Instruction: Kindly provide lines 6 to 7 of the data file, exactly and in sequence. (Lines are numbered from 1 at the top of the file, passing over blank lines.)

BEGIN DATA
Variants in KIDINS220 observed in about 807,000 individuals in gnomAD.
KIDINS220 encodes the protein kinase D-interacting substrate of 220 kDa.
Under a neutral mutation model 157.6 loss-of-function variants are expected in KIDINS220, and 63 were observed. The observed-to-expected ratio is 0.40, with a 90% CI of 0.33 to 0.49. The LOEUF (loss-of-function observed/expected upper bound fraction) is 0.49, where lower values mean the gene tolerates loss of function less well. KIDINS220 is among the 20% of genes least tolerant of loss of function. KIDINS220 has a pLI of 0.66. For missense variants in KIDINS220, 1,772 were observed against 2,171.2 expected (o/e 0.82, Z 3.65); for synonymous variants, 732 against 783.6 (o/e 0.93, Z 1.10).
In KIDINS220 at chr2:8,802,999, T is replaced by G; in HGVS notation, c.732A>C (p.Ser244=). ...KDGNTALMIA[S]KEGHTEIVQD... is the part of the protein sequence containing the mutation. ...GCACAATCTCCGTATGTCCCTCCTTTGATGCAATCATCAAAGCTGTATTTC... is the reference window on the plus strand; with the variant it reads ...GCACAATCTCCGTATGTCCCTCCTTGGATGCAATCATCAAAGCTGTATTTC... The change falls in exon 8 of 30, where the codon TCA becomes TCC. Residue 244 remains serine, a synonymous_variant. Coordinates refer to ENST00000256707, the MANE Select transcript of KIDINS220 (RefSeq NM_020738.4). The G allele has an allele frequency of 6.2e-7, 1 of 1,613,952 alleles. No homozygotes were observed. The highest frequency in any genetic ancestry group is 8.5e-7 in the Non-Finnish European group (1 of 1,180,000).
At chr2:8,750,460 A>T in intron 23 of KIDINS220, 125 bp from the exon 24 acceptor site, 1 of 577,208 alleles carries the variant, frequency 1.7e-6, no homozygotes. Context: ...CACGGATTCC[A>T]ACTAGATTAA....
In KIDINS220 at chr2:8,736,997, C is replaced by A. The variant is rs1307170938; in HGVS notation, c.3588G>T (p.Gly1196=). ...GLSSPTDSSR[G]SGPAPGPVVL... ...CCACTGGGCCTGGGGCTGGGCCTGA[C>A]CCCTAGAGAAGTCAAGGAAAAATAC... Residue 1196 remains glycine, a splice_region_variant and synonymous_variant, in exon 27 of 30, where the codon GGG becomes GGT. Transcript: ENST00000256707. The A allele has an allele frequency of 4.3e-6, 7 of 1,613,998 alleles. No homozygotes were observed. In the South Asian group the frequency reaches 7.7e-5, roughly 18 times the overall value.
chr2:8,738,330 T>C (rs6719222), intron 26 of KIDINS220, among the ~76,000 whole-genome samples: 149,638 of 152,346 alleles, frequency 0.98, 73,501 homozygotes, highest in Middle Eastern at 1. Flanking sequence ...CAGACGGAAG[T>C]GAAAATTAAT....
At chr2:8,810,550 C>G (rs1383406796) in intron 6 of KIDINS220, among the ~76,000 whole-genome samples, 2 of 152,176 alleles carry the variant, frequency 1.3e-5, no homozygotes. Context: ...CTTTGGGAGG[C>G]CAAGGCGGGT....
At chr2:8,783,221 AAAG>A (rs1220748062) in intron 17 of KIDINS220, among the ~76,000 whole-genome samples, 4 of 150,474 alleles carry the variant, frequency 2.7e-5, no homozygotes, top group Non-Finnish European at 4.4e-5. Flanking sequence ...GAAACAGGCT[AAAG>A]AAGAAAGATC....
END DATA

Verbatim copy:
In KIDINS220 at chr2:8,736,997, C is replaced by A. The variant is rs1307170938; in HGVS notation, c.3588G>T (p.Gly1196=). ...GLSSPTDSSR[G]SGPAPGPVVL... ...CCACTGGGCCTGGGGCTGGGCCTGA[C>A]CCCTAGAGAAGTCAAGGAAAAATAC... Residue 1196 remains glycine, a splice_region_variant and synonymous_variant, in exon 27 of 30, where the codon GGG becomes GGT. Transcript: ENST00000256707. The A allele has an allele frequency of 4.3e-6, 7 of 1,613,998 alleles. No homozygotes were observed. In the South Asian group the frequency reaches 7.7e-5, roughly 18 times the overall value.
chr2:8,738,330 T>C (rs6719222), intron 26 of KIDINS220, among the ~76,000 whole-genome samples: 149,638 of 152,346 alleles, frequency 0.98, 73,501 homozygotes, highest in Middle Eastern at 1. Flanking sequence ...CAGACGGAAG[T>C]GAAAATTAAT....